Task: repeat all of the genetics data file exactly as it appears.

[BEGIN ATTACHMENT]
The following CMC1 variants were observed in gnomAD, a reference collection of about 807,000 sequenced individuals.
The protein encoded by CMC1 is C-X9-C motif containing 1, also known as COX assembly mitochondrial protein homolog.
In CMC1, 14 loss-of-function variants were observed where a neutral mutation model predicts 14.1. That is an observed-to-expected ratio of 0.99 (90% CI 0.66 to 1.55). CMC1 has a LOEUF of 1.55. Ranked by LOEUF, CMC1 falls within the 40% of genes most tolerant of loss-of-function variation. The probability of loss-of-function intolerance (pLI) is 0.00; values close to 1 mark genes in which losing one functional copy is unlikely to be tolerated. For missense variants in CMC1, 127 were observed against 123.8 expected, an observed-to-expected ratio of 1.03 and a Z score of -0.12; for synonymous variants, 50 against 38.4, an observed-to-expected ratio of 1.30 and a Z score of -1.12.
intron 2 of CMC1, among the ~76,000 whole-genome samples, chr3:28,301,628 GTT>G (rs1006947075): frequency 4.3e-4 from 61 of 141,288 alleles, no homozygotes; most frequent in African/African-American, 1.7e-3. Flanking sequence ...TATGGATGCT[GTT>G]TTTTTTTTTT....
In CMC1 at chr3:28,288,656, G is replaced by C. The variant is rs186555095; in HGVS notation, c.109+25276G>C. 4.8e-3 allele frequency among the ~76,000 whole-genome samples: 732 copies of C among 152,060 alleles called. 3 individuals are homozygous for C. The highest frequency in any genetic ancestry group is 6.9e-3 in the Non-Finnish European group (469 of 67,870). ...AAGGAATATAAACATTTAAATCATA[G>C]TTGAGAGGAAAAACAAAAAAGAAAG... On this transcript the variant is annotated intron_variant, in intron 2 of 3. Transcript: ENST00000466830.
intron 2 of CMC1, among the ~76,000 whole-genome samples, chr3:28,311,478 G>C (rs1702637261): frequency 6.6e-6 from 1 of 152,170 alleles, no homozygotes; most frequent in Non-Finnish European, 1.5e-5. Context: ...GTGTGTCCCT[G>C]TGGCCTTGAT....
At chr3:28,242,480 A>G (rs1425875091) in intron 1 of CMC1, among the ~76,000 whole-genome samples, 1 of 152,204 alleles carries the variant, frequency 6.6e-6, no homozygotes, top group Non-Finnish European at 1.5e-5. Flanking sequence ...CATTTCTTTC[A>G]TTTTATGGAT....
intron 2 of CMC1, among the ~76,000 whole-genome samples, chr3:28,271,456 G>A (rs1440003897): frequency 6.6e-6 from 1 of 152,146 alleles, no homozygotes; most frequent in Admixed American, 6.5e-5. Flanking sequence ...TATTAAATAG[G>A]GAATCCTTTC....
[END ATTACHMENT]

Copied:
The following CMC1 variants were observed in gnomAD, a reference collection of about 807,000 sequenced individuals.
The protein encoded by CMC1 is C-X9-C motif containing 1, also known as COX assembly mitochondrial protein homolog.
In CMC1, 14 loss-of-function variants were observed where a neutral mutation model predicts 14.1. That is an observed-to-expected ratio of 0.99 (90% CI 0.66 to 1.55). CMC1 has a LOEUF of 1.55. Ranked by LOEUF, CMC1 falls within the 40% of genes most tolerant of loss-of-function variation. The probability of loss-of-function intolerance (pLI) is 0.00; values close to 1 mark genes in which losing one functional copy is unlikely to be tolerated. For missense variants in CMC1, 127 were observed against 123.8 expected, an observed-to-expected ratio of 1.03 and a Z score of -0.12; for synonymous variants, 50 against 38.4, an observed-to-expected ratio of 1.30 and a Z score of -1.12.
intron 2 of CMC1, among the ~76,000 whole-genome samples, chr3:28,301,628 GTT>G (rs1006947075): frequency 4.3e-4 from 61 of 141,288 alleles, no homozygotes; most frequent in African/African-American, 1.7e-3. Flanking sequence ...TATGGATGCT[GTT>G]TTTTTTTTTT....
In CMC1 at chr3:28,288,656, G is replaced by C. The variant is rs186555095; in HGVS notation, c.109+25276G>C. 4.8e-3 allele frequency among the ~76,000 whole-genome samples: 732 copies of C among 152,060 alleles called. 3 individuals are homozygous for C. The highest frequency in any genetic ancestry group is 6.9e-3 in the Non-Finnish European group (469 of 67,870). ...AAGGAATATAAACATTTAAATCATA[G>C]TTGAGAGGAAAAACAAAAAAGAAAG... On this transcript the variant is annotated intron_variant, in intron 2 of 3. Transcript: ENST00000466830.
intron 2 of CMC1, among the ~76,000 whole-genome samples, chr3:28,311,478 G>C (rs1702637261): frequency 6.6e-6 from 1 of 152,170 alleles, no homozygotes; most frequent in Non-Finnish European, 1.5e-5. Context: ...GTGTGTCCCT[G>C]TGGCCTTGAT....
At chr3:28,242,480 A>G (rs1425875091) in intron 1 of CMC1, among the ~76,000 whole-genome samples, 1 of 152,204 alleles carries the variant, frequency 6.6e-6, no homozygotes, top group Non-Finnish European at 1.5e-5. Flanking sequence ...CATTTCTTTC[A>G]TTTTATGGAT....
intron 2 of CMC1, among the ~76,000 whole-genome samples, chr3:28,271,456 G>A (rs1440003897): frequency 6.6e-6 from 1 of 152,146 alleles, no homozygotes; most frequent in Admixed American, 6.5e-5. Flanking sequence ...TATTAAATAG[G>A]GAATCCTTTC....